By Leandra Rhodes
March 23, 2019
In 2015, I was lucky enough to spend a month volunteering with a marine conservation project in Cambodia. Most days, we were scuba diving three times a day, every day. This meant gearing up in wet suits and oxygen tanks three separate times. This meant spending hours breathing through a regulator. This meant bathing in sea water and dealing with the tangled mess of hair later.
This was my heaven.
I worked alongside some incredible people who were all focused on the same goal: conserving the oceans. While diving, we would split into groups to focus on different aspects: monitoring coral bleaching trends, evaluating species population patterns, and collecting debris and nets from the corals or floating in the water. No matter how overwhelming the idea of “saving the oceans” might have seemed (and still seems now), our group worked daily to make even a small difference and to have an amazing experience along the way.
This project was based on the (small) island of Koh Sdach, or King Island (a little counter-intuitive). It took me 3 flights and 30 hours to get to Phnom Penh, then an 8-hour bus and a 15-minute boat ride to get to Koh Sdach.
Our project home base was built over the water, extending past the shore and opening up into the dock. You could see the ocean through cracks in the floor boards, and our group would eat meals with our legs dangling off the edge. The roof was made of tin that would ring for hours when it rained. The internet connection was terrible and there were never enough fans to go around.
I wish I could have stayed there forever.
If the dock was the “main entrance” to the base, then the washrooms were on land “out back”. The showers were fed by a fresh-water supply on the island that was replenished daily by boat. Each home had several barrels that inhabitants filled using the fresh-water supply, saving up for the inevitable event when the boat missed a day. If you had to shower on a day that the boat didn’t come, then you did so with a cup and one of those barrels. Those barrels were also used to flush the toilets, and toilets for any home along the shoreline emptied directly into the ocean. You did not want to go for swim just off the dock…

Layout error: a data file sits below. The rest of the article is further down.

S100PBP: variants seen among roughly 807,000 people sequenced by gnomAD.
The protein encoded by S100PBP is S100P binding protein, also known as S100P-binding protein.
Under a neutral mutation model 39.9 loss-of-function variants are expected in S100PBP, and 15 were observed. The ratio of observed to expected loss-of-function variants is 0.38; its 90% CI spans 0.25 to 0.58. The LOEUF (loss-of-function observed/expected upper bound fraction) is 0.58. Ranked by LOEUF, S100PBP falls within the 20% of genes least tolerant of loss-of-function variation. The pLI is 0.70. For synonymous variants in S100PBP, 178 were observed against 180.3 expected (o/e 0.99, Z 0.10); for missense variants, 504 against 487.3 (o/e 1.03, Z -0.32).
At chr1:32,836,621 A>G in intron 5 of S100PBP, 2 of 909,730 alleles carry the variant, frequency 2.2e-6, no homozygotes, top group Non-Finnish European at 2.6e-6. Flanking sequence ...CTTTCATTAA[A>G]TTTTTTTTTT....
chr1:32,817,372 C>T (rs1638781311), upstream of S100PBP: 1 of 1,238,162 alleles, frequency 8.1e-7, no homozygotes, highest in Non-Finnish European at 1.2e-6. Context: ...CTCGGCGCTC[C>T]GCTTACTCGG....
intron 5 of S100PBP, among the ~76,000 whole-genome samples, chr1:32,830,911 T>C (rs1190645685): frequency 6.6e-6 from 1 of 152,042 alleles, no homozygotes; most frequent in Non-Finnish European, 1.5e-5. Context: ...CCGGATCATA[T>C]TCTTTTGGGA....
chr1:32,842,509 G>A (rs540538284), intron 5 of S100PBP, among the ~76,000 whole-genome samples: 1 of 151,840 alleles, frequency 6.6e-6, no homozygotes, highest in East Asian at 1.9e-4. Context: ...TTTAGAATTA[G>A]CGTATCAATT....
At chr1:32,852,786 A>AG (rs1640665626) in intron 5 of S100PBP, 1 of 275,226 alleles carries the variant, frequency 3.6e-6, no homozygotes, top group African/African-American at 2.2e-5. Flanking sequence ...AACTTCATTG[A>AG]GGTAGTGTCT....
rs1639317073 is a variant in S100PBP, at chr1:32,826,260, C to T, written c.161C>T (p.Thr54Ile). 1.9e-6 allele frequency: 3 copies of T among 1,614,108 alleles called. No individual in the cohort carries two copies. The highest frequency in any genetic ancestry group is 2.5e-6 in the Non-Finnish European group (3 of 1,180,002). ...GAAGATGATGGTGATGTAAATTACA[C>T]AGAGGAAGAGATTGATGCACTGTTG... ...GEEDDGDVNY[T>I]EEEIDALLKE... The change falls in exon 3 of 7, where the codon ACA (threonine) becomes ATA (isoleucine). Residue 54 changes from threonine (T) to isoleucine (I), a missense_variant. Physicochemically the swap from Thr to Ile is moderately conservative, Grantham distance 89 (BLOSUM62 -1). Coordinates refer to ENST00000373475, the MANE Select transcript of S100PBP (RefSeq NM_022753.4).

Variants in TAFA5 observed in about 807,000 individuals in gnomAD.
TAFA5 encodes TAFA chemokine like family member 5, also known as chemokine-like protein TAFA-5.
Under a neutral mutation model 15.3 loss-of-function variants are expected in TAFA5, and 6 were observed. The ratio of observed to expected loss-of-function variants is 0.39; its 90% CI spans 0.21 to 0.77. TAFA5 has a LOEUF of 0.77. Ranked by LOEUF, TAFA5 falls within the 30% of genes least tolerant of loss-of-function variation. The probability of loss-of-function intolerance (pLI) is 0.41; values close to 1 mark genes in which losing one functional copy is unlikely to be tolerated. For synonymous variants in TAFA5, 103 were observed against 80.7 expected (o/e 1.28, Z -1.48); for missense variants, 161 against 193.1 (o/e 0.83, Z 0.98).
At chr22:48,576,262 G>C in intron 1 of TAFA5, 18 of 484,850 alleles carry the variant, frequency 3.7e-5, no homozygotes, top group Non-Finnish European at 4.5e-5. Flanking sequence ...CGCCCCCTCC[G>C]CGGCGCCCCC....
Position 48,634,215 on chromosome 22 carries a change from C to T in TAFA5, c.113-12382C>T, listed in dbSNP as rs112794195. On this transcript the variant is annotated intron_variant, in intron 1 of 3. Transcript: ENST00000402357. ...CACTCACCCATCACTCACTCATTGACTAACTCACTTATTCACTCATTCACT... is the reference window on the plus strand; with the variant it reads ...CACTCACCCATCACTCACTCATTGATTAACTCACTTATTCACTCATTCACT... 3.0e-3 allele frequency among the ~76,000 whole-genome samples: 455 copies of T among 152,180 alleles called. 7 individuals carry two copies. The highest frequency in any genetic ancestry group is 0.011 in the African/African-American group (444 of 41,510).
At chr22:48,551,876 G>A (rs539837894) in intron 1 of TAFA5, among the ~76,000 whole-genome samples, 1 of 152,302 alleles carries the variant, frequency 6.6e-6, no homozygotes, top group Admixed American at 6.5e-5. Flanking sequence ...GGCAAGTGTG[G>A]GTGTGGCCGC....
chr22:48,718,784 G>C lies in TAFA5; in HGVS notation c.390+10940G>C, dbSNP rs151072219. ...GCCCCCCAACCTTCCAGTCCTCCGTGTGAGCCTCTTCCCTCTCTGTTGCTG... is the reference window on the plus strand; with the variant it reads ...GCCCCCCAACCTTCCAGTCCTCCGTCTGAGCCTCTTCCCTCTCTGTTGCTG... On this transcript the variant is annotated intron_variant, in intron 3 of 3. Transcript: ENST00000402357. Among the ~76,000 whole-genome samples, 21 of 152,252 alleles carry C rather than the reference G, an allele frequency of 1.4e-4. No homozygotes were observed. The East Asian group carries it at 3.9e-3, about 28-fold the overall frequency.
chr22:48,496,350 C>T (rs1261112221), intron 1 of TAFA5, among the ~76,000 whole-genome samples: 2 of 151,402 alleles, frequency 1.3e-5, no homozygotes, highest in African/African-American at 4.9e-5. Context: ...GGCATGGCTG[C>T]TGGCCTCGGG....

In addition to the daily dives, our group was the go-to for local fishermen who had accidentally caught sea turtles or other creatures in their nets. If released through “proper channels”, then these animals would often be kept for days. Instead, our group would take them out and release them immediately.
Our group was also known for beach cleanups, and the subsequent parade of trash bags across the island. I remember one beach cleanup distinctly, one that took place on a particularly hot and sweaty day. Our group spent an entire afternoon collecting dozens of bags of trash sorted into plastics, glass, and Styrofoam. We collected everything from Styrofoam food containers to plastic straws, glass bottles to tin cans, batteries to an industrial-sized fluorescent light bulb. Hours later, sun burnt and dehydrated, most of us were pretty depressed, especially those of us who had a few of these beach cleanups under their belts. Those volunteers knew that no matter how much debris we collected from the beach that day, the ocean would kick back more trash the next; trash that had been tossed into the ocean by local inhabitants and trash from distant places that had been pushed along by ocean currents.
At some point, we called it. With more trash bags then we could easily carry, we started the trek across the island. Back at base, most of the trash was stored until it could be burned. Koh Sdach has no proper trash collection or disposal system to date, and trash burning is still common practice .
Photo of that specific beach cleanup, from
Regardless of the pessimism surrounding these beach cleanups, this was easily one of the best experiences of my life. It also made me very aware of marine pollution and very keen to continuously fight against it. I am happy to know that projects like this exist all over the world, and that there will always be people willing to contribute to them.
Unless specified, all photos are by Leandra Rhodes.